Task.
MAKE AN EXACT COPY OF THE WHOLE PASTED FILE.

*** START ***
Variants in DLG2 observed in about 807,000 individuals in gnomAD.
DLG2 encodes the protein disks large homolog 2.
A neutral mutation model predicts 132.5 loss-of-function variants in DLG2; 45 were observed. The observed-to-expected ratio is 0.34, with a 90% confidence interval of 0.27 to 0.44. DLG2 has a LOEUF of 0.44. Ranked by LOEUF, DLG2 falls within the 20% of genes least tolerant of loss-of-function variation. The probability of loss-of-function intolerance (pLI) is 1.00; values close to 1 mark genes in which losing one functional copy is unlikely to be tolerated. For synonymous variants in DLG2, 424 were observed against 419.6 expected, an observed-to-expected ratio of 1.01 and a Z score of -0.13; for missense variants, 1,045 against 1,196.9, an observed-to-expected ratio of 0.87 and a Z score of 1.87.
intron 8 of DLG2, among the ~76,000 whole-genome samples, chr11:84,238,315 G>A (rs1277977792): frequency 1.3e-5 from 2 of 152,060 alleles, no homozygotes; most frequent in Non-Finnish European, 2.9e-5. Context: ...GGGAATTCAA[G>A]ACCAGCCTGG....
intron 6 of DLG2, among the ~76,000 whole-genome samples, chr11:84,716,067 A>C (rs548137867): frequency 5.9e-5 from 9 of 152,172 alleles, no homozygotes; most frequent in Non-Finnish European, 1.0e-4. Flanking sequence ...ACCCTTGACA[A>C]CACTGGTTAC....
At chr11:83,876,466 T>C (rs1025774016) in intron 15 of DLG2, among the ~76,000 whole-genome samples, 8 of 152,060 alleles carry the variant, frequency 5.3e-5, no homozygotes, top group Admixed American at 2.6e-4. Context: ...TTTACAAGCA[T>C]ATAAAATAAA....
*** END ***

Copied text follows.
Variants in DLG2 observed in about 807,000 individuals in gnomAD.
DLG2 encodes the protein disks large homolog 2.
A neutral mutation model predicts 132.5 loss-of-function variants in DLG2; 45 were observed. The observed-to-expected ratio is 0.34, with a 90% confidence interval of 0.27 to 0.44. DLG2 has a LOEUF of 0.44. Ranked by LOEUF, DLG2 falls within the 20% of genes least tolerant of loss-of-function variation. The probability of loss-of-function intolerance (pLI) is 1.00; values close to 1 mark genes in which losing one functional copy is unlikely to be tolerated. For synonymous variants in DLG2, 424 were observed against 419.6 expected, an observed-to-expected ratio of 1.01 and a Z score of -0.13; for missense variants, 1,045 against 1,196.9, an observed-to-expected ratio of 0.87 and a Z score of 1.87.
intron 8 of DLG2, among the ~76,000 whole-genome samples, chr11:84,238,315 G>A (rs1277977792): frequency 1.3e-5 from 2 of 152,060 alleles, no homozygotes; most frequent in Non-Finnish European, 2.9e-5. Context: ...GGGAATTCAA[G>A]ACCAGCCTGG....
intron 6 of DLG2, among the ~76,000 whole-genome samples, chr11:84,716,067 A>C (rs548137867): frequency 5.9e-5 from 9 of 152,172 alleles, no homozygotes; most frequent in Non-Finnish European, 1.0e-4. Flanking sequence ...ACCCTTGACA[A>C]CACTGGTTAC....
At chr11:83,876,466 T>C (rs1025774016) in intron 15 of DLG2, among the ~76,000 whole-genome samples, 8 of 152,060 alleles carry the variant, frequency 5.3e-5, no homozygotes, top group Admixed American at 2.6e-4. Context: ...TTTACAAGCA[T>C]ATAAAATAAA....